The government is to conduct a review of how European Union powers impact the UK, William Hague said today, but he denied it was laying the groundwork for a referendum.
In a statement to the Commons on Thursday afternoon, the foreign secretary said Whitehall departments would conduct investigations into the "balance of competences" after ministers pledged to look at how powers could be clawed back from Brussels to Britain.
He told MPs he hoped the inquiry would lead to "less cost, less bureaucracy and less meddling" in British life.
However Labour questioned the timing of the review, which is due to report back in 2014.
Shadow Europe minister Wayne David noted 2014 was "suspiciously close to the next election" and suggested it was designed to set the Tories up to include a pledge to hold a referendum in its next manifesto.
But Hague said the Whitehall review was a separate issue from the debate on whether there should be a referendum on membership of the EU.
"This work will help inform decisions on Britain's future path in Europe. It is not a consultation about disengaging or withdrawing from the EU," he said.
"We remain committed to our membership of the EU and to a strong and stable Europe," he said.
"This is not about a referendum," he added. However he acknowledged that the exercise, having been conducted, would be "immensely useful" if there were to be a referendum.
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The plan will be seen by some attempt to appease the eurosceptic wing of the Conservative Party that wants powers brought back to Westminster from Brussels.
Backbencher Bill Cash told Hague that it was necessary for a referendum on Britain's membership "as soon as it can possibly take place".
And Philip Hollobone said government should ask "whether or not the UK would be better off in, or better of out, of the whole thing all together".
Writing for The Huffington Post on Thursday, Europe minister David Lidington said being part of the EU was central to how the UK creates jobs, expands trade and protects it's interests around the world.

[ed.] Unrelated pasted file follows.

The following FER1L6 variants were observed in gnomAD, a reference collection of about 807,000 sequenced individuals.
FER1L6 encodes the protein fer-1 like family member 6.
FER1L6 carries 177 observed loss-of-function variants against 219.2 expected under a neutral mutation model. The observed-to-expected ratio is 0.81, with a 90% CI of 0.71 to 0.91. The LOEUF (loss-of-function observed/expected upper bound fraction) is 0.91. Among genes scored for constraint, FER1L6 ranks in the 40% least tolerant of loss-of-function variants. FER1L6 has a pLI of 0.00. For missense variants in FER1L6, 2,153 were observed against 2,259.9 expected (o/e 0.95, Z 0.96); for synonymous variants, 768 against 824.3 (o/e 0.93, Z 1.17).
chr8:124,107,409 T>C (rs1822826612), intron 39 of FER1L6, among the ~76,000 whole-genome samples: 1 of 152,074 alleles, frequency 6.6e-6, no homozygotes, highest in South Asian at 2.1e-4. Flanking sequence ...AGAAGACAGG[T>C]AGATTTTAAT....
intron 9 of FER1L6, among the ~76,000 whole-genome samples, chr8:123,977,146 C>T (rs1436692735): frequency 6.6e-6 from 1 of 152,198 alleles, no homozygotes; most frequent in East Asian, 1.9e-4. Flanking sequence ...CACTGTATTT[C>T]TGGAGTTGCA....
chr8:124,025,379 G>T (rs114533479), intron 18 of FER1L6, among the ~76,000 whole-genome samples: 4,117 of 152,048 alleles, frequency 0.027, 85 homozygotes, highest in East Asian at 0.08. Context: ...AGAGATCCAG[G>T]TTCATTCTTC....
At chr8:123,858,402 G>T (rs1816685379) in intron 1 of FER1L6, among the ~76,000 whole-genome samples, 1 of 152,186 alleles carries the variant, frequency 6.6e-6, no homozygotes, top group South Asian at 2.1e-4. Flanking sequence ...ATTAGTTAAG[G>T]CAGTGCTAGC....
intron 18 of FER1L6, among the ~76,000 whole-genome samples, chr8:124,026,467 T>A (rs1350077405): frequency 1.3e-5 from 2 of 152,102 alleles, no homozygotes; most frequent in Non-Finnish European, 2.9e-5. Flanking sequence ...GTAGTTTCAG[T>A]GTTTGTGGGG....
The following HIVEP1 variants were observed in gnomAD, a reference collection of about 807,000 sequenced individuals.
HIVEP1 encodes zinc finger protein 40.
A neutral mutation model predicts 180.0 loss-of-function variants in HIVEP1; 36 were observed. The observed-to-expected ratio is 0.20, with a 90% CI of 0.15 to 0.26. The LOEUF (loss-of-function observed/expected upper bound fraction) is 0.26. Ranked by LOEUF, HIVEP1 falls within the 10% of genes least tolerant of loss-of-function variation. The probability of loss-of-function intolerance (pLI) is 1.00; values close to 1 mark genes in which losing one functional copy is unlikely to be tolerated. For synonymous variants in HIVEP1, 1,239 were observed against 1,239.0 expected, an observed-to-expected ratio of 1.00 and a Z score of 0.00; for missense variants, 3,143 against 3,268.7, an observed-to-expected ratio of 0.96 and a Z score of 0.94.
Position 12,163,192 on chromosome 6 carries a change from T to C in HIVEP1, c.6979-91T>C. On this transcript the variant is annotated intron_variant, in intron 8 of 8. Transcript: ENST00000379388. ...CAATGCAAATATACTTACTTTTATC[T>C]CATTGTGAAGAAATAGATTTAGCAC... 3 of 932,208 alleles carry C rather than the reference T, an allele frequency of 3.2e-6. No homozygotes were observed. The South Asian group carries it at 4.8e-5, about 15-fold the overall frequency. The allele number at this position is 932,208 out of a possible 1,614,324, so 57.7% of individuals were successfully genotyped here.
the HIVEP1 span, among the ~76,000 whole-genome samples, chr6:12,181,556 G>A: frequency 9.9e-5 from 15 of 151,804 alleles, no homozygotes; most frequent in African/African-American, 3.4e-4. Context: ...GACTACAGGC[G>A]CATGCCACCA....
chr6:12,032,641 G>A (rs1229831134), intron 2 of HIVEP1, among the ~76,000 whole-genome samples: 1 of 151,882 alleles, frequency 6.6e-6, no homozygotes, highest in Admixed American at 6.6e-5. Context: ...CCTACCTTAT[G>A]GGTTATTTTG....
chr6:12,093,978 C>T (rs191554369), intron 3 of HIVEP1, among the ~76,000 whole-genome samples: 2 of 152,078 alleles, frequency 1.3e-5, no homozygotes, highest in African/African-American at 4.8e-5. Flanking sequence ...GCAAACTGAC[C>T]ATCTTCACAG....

"It allows us to be in a single market of some 500 million people, with a combined GDP of £11trillion (Euros), in which we can trade, travel and work freely," he says.
Last year David Cameron suffered a embarrassing rebellion when 81 Tory MPs voted in favour of holding a public vote on Britain's membership of the EU.
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More recently the prime minister attempted to placate the rebels by indicating he would be prepared to hold a referendum in future, although ruled out holding one immediately.
Hague's statement to MPs came after Jose Manuel Barroso, the president of the European Commission warned that Britain would become like "Norway or Switzerland" if it withdrew from the EU.
In an interview with the New Statesman magazine published on Thursday, he said the UK's power was reliant on its membership of the union.
"I find it a litle bit ironic that some people are suggesting for Britain a role comparable to that of say Norway or Switzerland," he said.
"Norway or Switzerland are two marvellous countries, I very much admire, the most advanced countries in the world in fact with great qualities of life. But I think Britain is expecting a bigger role in the world than small countries."
Barroso's remarks were dismissed as "delusional vapouring" by the leader of Ukip, Nigel Farage.
Writing on The Huffington Post on Thursday afternoon he said: "If Britain wants to hold its head up high, if we want to trade with the world and prosper, we can do so better without the drear suffocation provided by the Brussels establishment."
SEE ALSO: David Lidington: The EU Can Seem Remote From Ordinary People
But former Labour minister Ben Bradshaw said it would be "a tragedy and a gross betrayal of our national interest if at this very time of crisis and uncertainty for Europe, we were to relegate ourselves to the margins".
"Usually when the Euro-phobes lash out like this, it’s because a nerve has been touched where they feel vulnerable. That would certainly appear to be the case here," he said in a blog post for The Huffington Post.